Frontiers Augmented highlights selected authors from our issues to create a means for deeper engagement with the content published in the Frontiers Journal. The most recent general issue 43.3, edited by Frontiers Co-Editors Wanda S. Pillow, Kimberly M. Jew, and Darius Bost, highlights authors Hossein Nazari, Assistant Professor of English Language and Literature at the University of Tehran, and Fateme Nazari, M.A., University of Tehran.

One of the significant developments in the realm of literature and arts in the post-9/11 zeitgeist in the United States is the publication of an unprecedented number of memoirs about life in Middle Eastern countries, authored predominantly by female Middle Eastern authors. Given the scant contribution of authors of Middle Eastern origin to the US literary market prior to the 9/11, the emergence of a substantial number of memoirs in a relatively short span is little short of a literary phenomenon. Paramount in this phenomenon is the appearance of a significant cluster of memoirs penned by Iranian-American women. What binds the majority of such memoirs together is a (neo)Orientalist underpinning that informs the overall thematic and representational politics of such texts. Defined by Edward Said as “a manner of regularized (or Orientalized) writing, vision and study, dominated by imperatives, perspectives and ideological biases ostensibly suited to the Orient,” Orientalism constructs a regime of representations and knowledge production which, inevitably, produces a binary of the “civilized, superior West” versus the “primitive, inferior East,” especially where the Muslim Orient is concerned (Orientalism, 2003, p. 203). Against this backdrop, the memoirs in question construct an image of the author’s country of origin—and its culture, religion, and politics—that is almost always inferior to her (Western) country of residence.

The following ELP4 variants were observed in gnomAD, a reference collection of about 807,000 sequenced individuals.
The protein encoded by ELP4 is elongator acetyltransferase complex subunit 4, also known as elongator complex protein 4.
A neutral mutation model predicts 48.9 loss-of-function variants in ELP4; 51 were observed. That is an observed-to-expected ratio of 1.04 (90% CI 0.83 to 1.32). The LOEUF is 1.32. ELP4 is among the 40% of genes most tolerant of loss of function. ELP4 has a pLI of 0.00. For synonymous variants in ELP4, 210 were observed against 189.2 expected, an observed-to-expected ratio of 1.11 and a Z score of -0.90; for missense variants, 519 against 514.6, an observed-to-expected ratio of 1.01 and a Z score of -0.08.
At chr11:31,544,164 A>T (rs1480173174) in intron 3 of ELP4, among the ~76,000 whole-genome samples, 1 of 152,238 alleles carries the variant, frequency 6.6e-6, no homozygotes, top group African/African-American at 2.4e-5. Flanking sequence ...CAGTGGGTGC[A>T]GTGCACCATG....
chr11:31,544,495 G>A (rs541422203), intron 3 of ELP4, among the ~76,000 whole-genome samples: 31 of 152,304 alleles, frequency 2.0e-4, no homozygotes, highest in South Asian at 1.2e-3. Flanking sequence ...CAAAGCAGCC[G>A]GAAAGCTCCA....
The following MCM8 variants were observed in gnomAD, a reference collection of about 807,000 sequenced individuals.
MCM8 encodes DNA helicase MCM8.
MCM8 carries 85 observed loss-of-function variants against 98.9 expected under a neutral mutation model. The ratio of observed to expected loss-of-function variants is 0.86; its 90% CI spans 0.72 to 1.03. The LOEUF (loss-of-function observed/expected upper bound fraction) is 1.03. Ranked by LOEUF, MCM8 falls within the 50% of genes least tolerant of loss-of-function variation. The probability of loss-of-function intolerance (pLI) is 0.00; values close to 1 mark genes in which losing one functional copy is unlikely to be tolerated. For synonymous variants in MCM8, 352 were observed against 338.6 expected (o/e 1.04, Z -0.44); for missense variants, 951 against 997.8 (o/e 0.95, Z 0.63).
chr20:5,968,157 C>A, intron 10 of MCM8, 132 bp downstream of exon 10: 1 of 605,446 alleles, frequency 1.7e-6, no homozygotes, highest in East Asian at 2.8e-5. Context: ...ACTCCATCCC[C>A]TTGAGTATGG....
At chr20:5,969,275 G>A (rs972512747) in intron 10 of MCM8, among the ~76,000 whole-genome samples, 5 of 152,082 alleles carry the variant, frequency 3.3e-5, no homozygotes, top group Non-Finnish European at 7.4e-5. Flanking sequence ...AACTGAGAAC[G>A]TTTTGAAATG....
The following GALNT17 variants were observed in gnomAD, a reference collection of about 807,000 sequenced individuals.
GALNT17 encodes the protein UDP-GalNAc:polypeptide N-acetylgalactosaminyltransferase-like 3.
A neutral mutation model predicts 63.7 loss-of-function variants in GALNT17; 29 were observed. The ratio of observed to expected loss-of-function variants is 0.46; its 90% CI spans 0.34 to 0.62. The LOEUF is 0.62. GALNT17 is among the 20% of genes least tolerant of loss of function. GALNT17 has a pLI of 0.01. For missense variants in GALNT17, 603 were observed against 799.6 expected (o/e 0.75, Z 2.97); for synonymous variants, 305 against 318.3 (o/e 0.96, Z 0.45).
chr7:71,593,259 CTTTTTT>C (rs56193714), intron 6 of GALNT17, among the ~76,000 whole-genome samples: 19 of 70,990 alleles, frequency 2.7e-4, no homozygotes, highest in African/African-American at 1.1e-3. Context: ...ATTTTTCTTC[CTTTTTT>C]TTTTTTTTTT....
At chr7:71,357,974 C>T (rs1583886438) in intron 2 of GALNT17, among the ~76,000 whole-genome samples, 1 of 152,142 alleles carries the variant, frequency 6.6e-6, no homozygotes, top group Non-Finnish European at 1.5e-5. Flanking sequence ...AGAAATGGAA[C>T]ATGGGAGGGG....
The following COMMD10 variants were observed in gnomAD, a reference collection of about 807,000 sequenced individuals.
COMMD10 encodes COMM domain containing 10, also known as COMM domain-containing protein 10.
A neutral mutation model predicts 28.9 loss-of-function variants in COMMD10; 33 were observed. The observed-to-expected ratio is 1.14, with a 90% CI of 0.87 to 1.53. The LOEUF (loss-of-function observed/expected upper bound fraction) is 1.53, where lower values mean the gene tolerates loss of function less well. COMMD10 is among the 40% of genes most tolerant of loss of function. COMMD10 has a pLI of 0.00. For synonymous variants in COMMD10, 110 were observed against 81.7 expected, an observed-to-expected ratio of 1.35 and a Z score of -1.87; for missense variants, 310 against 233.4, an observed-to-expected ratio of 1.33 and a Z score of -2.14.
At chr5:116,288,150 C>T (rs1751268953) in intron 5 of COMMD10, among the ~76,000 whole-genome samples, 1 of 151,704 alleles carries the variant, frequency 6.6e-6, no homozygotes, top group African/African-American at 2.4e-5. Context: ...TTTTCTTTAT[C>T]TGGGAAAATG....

One of the important narratives that goes against this dominant trend in Iranian-American life writing is Jasmin Darznik’s The Good Daughter (2011), which relates the story of three generations of Iranian women, but revolves mostly around the life story of Lili, as narrated by her daughter, Jasmin. In this paper we argue that rather than capitalizing on all-too-familiar dehumanizing cliches that reinforce dominant Western stereotypes of Iranian/Muslim women as passive, oppressed victims of social and religious patriarchy, Darznik’s narrative offers a strategic discursive intervention to construct a space for reimagining Iranian—and by extension Muslim—womanhood. To this end, the author adopts what Martina Koegeler has termed “strategic auto-Orientalism”—a concept that builds upon Gayatri Chakravorty Spivak’s “strategic essentialism”.

As a mode of representation, auto-Orientalism has been particularly current in the discursive practices of post-crisis societies or the ones emerging out of grand social paradigm shifts. This can, in large part, be attributed to the ideological or political resistance to such fundamental social transformations or to disillusionment with the post-crisis status quo. This study critiques strategic auto-Orientalism as the author’s representational modus operandi in The Good Daughter to reveal the manner in which the narrative can promise new subjectivities and modes of writing for hyphenated female authors. It also contributes to discussions surrounding Iranian/Muslim womanhood and transnational feminism through highlighting the importance of narratives and voices that remain relatively underexplored. These narratives, in turn, make a significant contribution to the field of Muslim/Middle Eastern/Iranian life writing through a mode of representation that promises a multihued, polyphonic, and variegated narrative of the lives of Iranian women.

Hossein Nazari, Ph.D., Department of English Language & Literature, University of Tehran, and Fateme Nazari, M.A., University of Tehran.

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